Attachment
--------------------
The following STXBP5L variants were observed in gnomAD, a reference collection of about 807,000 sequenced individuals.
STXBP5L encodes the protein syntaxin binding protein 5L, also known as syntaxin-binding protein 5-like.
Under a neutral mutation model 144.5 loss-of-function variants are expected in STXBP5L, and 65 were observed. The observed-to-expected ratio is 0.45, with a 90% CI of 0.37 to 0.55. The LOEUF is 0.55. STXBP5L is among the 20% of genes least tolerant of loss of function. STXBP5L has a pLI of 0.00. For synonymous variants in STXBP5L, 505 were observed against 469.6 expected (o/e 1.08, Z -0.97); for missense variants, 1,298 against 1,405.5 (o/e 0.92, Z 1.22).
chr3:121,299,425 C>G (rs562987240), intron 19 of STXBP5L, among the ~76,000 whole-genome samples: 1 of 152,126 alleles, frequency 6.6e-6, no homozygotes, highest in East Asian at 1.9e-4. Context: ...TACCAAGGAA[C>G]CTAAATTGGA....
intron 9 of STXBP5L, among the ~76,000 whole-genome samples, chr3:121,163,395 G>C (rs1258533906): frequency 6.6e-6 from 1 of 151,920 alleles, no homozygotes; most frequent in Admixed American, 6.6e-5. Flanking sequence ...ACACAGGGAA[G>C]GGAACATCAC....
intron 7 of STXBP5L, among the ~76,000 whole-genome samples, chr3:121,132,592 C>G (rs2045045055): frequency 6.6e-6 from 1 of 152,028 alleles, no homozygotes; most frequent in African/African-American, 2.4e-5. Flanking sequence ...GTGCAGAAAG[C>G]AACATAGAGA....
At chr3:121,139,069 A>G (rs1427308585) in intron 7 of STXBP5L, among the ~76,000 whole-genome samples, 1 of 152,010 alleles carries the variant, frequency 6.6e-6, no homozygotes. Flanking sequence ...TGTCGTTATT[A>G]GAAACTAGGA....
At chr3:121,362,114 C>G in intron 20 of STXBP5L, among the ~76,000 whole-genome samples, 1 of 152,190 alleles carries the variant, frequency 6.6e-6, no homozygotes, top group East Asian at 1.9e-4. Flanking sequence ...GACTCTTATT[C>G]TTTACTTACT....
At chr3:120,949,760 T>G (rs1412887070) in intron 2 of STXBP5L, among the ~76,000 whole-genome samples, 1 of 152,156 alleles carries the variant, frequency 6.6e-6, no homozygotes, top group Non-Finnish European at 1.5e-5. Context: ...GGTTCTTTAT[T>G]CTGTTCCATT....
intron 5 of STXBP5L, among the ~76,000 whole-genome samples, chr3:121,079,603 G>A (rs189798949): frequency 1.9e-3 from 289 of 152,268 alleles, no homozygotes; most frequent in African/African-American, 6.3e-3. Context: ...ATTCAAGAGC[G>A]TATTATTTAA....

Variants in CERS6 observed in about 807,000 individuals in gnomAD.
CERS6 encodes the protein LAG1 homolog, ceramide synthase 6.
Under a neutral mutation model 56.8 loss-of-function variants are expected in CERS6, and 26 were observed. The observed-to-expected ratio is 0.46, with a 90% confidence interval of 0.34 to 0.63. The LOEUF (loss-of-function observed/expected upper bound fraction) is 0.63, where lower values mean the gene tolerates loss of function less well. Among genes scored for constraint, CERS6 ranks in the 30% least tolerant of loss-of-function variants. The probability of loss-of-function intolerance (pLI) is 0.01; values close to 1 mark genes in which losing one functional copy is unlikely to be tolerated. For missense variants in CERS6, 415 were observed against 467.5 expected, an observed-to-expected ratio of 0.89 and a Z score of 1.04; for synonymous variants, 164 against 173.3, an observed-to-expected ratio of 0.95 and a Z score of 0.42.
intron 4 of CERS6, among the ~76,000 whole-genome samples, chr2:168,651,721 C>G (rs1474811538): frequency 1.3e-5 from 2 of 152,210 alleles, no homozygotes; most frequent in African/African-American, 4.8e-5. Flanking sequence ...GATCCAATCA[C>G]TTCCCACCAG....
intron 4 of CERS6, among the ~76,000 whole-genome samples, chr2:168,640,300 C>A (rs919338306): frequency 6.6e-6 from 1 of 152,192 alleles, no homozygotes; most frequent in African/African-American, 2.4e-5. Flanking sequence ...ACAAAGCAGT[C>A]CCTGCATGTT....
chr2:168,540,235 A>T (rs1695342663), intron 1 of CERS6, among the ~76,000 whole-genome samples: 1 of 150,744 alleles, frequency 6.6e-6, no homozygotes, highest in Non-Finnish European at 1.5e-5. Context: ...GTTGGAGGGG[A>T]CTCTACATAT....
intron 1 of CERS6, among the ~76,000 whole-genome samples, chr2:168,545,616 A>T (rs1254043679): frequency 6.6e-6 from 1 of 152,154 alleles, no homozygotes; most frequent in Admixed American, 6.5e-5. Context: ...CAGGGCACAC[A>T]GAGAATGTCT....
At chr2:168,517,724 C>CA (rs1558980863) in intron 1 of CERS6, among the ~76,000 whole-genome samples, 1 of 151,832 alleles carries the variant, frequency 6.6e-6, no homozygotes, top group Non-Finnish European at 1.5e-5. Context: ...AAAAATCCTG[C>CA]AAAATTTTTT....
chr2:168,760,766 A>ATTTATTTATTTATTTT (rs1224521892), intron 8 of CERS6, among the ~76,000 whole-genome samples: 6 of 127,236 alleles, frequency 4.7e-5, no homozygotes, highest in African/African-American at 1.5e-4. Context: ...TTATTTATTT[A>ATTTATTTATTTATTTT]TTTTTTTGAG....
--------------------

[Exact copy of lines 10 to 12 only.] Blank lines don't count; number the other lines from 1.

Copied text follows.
intron 5 of STXBP5L, among the ~76,000 whole-genome samples, chr3:121,079,603 G>A (rs189798949): frequency 1.9e-3 from 289 of 152,268 alleles, no homozygotes; most frequent in African/African-American, 6.3e-3. Context: ...ATTCAAGAGC[G>A]TATTATTTAA....

Variants in CERS6 observed in about 807,000 individuals in gnomAD.
CERS6 encodes the protein LAG1 homolog, ceramide synthase 6.